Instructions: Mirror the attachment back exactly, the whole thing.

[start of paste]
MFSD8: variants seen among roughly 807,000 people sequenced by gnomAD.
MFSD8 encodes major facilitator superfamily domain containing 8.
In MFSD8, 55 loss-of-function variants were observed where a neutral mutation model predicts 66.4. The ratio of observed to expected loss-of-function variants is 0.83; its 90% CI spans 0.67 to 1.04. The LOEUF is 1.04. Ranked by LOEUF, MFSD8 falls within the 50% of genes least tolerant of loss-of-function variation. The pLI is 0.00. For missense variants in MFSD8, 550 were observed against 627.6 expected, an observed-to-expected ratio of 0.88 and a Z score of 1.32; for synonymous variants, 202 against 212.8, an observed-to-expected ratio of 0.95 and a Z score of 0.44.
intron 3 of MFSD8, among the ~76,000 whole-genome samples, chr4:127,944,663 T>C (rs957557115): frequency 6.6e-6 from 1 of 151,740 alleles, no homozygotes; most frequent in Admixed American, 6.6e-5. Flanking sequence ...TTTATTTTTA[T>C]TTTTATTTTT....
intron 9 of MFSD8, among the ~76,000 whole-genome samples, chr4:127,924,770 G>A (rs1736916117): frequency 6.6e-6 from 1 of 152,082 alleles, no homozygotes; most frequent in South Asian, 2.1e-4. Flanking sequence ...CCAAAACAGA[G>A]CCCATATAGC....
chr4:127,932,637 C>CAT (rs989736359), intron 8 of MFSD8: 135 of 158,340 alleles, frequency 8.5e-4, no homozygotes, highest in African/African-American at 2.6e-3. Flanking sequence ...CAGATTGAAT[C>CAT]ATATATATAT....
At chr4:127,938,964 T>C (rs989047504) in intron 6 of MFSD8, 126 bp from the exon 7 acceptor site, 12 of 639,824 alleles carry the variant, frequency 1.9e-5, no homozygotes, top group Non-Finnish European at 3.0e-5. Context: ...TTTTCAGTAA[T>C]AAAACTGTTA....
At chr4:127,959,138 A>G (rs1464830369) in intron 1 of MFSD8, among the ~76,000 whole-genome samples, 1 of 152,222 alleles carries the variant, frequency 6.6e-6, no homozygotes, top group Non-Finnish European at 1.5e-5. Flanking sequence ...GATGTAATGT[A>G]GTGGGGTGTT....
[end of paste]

MFSD8: variants seen among roughly 807,000 people sequenced by gnomAD.
MFSD8 encodes major facilitator superfamily domain containing 8.
In MFSD8, 55 loss-of-function variants were observed where a neutral mutation model predicts 66.4. The ratio of observed to expected loss-of-function variants is 0.83; its 90% CI spans 0.67 to 1.04. The LOEUF is 1.04. Ranked by LOEUF, MFSD8 falls within the 50% of genes least tolerant of loss-of-function variation. The pLI is 0.00. For missense variants in MFSD8, 550 were observed against 627.6 expected, an observed-to-expected ratio of 0.88 and a Z score of 1.32; for synonymous variants, 202 against 212.8, an observed-to-expected ratio of 0.95 and a Z score of 0.44.
intron 3 of MFSD8, among the ~76,000 whole-genome samples, chr4:127,944,663 T>C (rs957557115): frequency 6.6e-6 from 1 of 151,740 alleles, no homozygotes; most frequent in Admixed American, 6.6e-5. Flanking sequence ...TTTATTTTTA[T>C]TTTTATTTTT....
intron 9 of MFSD8, among the ~76,000 whole-genome samples, chr4:127,924,770 G>A (rs1736916117): frequency 6.6e-6 from 1 of 152,082 alleles, no homozygotes; most frequent in South Asian, 2.1e-4. Flanking sequence ...CCAAAACAGA[G>A]CCCATATAGC....
chr4:127,932,637 C>CAT (rs989736359), intron 8 of MFSD8: 135 of 158,340 alleles, frequency 8.5e-4, no homozygotes, highest in African/African-American at 2.6e-3. Flanking sequence ...CAGATTGAAT[C>CAT]ATATATATAT....
At chr4:127,938,964 T>C (rs989047504) in intron 6 of MFSD8, 126 bp from the exon 7 acceptor site, 12 of 639,824 alleles carry the variant, frequency 1.9e-5, no homozygotes, top group Non-Finnish European at 3.0e-5. Context: ...TTTTCAGTAA[T>C]AAAACTGTTA....
At chr4:127,959,138 A>G (rs1464830369) in intron 1 of MFSD8, among the ~76,000 whole-genome samples, 1 of 152,222 alleles carries the variant, frequency 6.6e-6, no homozygotes, top group Non-Finnish European at 1.5e-5. Flanking sequence ...GATGTAATGT[A>G]GTGGGGTGTT....